Janet Sheridan: A lifetime with chickens | CraigDailyPress.com
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Janet Sheridan: A lifetime with chickens

My recent column about eggs inspired me to reflect on chickens. During my childhood and youth, I hung out with them.

Annually, students at Lake Shore Elementary straggled in a limp line to Rigtrup’s Hatchery on the Friday before Easter. We toured the long, musty coops and peered into the egg-crating room before being handed a tiny chick dyed one of the pastel colors of spring.

At home, Carolyn, Bob and I tended to our babies in a cardboard box behind the coal-burning stove. We lavished attention upon them until they died with their little feet in the air, as they always did. We then mourned Fluffy, Peeps and Rainbow and buried them with solemn ceremony.



We didn’t connect those doomed balls of fluff to our fierce, free-running farm chickens, which were mean, messy and unnamed. When one of them provided Sunday dinner, no funerals were held.

As one of my first household chores, I helped Mom pluck and clean the aging hen selected to feed us. I felt a scientific interest in the entire procedure, even when my brother, Bob, mangled the job of chopping off their heads.

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He stretched the chicken’s neck on top of a tree stump in the barnyard, gave a mighty whack with a hatchet he never sharpened, and sometimes maimed rather than murdered. Once he cut a head off halfway, and the chicken escaped.

I shrieked and he laughed as it ran with head flopping. After we calmed down, Bob commented that the only thing funnier was when his friend’s dad tried to slaughter a hog. I didn’t ask.

Our neighbors, the Ander-

sons, gave me my first moneymaking job as assistant egg-gatherer for their daughter, Sheila, who was 8 to my 6. I earned a penny and witnessed an amazing feat.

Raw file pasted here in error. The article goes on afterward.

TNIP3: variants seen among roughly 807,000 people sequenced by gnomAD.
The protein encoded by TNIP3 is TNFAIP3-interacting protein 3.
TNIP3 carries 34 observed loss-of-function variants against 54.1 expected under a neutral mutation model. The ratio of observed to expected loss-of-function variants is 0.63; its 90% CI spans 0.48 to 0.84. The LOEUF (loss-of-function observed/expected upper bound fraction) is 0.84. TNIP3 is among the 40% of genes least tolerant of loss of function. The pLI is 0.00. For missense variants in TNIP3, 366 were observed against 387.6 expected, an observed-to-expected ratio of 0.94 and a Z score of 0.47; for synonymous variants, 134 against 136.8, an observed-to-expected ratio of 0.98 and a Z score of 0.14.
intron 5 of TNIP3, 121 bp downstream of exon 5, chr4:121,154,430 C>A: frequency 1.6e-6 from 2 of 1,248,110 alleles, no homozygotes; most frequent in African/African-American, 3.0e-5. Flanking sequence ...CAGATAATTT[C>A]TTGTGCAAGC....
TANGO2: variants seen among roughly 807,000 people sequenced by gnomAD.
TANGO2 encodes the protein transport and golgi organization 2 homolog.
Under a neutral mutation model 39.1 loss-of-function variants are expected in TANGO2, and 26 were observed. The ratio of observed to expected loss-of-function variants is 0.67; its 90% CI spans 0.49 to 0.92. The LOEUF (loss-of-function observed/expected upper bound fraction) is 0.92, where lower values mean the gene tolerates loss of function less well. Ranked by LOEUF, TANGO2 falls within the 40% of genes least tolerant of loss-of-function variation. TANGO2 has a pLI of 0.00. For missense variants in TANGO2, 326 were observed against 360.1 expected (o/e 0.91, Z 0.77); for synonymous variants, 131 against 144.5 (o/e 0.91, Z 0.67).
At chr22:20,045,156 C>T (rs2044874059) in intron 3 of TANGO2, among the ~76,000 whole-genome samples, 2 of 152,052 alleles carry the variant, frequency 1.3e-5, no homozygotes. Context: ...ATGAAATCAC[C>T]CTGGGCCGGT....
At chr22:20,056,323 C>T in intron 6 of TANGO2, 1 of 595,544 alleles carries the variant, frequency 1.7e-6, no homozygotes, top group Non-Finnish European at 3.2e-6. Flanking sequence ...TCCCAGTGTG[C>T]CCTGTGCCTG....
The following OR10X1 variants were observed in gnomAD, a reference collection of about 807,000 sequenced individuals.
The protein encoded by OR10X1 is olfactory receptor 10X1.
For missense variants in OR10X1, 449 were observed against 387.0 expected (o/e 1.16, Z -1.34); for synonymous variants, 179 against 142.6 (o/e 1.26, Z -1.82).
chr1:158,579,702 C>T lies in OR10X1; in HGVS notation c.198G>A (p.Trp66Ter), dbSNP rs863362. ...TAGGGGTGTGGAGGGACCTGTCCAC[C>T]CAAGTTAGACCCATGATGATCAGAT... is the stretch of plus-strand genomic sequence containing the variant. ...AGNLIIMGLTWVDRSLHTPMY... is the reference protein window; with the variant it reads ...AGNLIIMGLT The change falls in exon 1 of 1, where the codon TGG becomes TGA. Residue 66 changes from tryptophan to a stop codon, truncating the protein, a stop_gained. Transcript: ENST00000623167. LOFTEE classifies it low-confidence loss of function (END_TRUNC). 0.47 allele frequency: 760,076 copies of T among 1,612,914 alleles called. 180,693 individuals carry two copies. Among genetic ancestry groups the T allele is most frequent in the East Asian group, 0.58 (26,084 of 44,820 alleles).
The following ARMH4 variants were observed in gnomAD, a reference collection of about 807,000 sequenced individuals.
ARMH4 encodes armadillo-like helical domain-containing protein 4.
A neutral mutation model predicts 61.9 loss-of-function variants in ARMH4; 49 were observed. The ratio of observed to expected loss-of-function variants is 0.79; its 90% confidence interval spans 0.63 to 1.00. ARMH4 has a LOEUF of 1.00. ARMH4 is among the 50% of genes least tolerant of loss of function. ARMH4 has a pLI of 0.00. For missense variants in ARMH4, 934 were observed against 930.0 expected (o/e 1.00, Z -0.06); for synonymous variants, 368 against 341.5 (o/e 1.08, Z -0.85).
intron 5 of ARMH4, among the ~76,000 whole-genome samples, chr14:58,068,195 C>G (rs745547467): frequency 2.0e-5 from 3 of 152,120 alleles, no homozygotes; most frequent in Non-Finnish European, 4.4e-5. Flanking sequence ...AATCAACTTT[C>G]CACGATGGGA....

We were in a dusty, twilight-lit coop, searching for eggs inside nesting boxes, when we heard a squawk and saw a hen perched on a rail above us. As we watched, it went into a frenzy of clucking and popped out an egg. Without hesitating, Sheila switched the egg basket to her left hand, reached up, caught the fragile missile in mid-air, and handed it to me. It was still warm.

My best friend during my teenage years, Charlie, lived on a chicken farm that sold eggs to supermarkets. Her father, a look-alike for his chickens, sometimes hired me to work with Charlie gathering, cleaning and candling eggs.

As we worked, he imparted useful information — did we know that the world’s oldest chicken died of heart failure at age 16?

When I was 13, Mr. McKell from up the road hired me to work weekends with the chickens he raised for slaughter. I became the wing spreader in the pullet-inoculation operation. I lodged a chicken between my left side and elbow and fanned its wing with my right hand, so Mr. McKell could poke an antibiotic-dipped needle through the webbing. I then released the hysterical bird and grabbed the next victim.

It was hard work, but the wages were good, 50 cents an hour, and sometimes the handsome Sterling McKell was home on leave from the Army and would help. I combed my hair on those days.

Chickens also provided employment for me in high school. I worked at the Utah Poultry and Farmers Cooperative afternoons and weekends. I weighed grain trucks, rang up chicken-nurturing products, counted bags of chicken feed and checked crates of eggs for breakage.

For special promotions, I dressed as a Rhode Island Red, handed out candy eggs, clucked and prayed no fellow students would stop in.

Once I started college, I abandoned chickens and found more conventional jobs.

Now all I do with chickens is eat them. I feel bad about that.


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